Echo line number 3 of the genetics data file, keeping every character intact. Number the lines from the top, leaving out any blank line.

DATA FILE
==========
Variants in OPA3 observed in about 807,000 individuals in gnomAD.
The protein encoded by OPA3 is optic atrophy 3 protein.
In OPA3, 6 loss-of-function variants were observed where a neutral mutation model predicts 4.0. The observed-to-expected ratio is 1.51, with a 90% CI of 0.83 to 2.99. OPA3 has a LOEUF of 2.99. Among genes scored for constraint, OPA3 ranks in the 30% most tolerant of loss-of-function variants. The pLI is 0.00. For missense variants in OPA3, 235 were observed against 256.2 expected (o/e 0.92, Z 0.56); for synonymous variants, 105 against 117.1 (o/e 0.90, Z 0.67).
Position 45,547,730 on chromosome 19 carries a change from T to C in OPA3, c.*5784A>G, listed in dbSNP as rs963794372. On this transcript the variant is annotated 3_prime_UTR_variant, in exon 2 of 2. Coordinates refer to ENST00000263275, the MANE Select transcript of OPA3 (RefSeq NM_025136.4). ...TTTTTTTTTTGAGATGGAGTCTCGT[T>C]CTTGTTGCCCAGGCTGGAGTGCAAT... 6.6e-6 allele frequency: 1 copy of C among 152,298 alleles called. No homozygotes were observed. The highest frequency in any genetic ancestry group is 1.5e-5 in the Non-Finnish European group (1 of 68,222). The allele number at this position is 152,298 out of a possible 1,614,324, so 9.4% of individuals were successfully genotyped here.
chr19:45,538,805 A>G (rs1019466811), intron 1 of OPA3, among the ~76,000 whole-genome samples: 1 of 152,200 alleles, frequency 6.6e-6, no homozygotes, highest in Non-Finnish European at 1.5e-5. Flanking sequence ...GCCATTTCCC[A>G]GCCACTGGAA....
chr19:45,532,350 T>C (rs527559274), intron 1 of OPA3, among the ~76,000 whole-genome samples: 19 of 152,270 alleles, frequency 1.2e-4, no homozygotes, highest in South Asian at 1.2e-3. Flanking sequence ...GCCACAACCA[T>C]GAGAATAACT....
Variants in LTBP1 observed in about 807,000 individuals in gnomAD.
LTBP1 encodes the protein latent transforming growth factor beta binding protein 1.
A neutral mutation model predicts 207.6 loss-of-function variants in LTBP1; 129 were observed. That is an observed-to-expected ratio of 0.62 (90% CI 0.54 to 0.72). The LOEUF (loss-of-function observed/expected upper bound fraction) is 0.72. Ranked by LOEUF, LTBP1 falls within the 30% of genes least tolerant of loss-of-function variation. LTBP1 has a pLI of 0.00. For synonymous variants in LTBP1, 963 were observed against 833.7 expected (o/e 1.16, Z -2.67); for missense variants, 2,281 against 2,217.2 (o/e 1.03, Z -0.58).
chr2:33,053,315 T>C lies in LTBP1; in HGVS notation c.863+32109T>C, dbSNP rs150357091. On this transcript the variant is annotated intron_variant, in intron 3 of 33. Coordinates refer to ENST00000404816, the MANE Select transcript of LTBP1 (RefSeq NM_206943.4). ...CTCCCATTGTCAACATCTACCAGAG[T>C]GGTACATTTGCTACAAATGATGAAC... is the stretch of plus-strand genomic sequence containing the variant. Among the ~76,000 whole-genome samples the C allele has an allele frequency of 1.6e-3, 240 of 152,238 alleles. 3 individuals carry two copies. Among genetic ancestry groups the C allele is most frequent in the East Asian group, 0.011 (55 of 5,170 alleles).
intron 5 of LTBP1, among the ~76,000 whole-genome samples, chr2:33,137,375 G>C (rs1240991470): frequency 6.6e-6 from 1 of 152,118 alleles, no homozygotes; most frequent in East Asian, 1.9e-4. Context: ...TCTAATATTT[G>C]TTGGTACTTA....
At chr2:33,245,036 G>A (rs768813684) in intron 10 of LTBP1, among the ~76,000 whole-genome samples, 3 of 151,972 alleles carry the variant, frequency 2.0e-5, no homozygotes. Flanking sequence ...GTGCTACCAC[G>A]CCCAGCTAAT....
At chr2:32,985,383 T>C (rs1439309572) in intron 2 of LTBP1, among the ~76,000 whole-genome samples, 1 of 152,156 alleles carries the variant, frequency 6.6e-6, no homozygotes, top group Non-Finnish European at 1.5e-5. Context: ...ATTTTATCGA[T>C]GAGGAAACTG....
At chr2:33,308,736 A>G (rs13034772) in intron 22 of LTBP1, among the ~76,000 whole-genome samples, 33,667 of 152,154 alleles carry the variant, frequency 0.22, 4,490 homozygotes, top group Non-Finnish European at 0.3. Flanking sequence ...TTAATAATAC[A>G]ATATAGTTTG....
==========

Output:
In OPA3, 6 loss-of-function variants were observed where a neutral mutation model predicts 4.0. The observed-to-expected ratio is 1.51, with a 90% CI of 0.83 to 2.99. OPA3 has a LOEUF of 2.99. Among genes scored for constraint, OPA3 ranks in the 30% most tolerant of loss-of-function variants. The pLI is 0.00. For missense variants in OPA3, 235 were observed against 256.2 expected (o/e 0.92, Z 0.56); for synonymous variants, 105 against 117.1 (o/e 0.90, Z 0.67).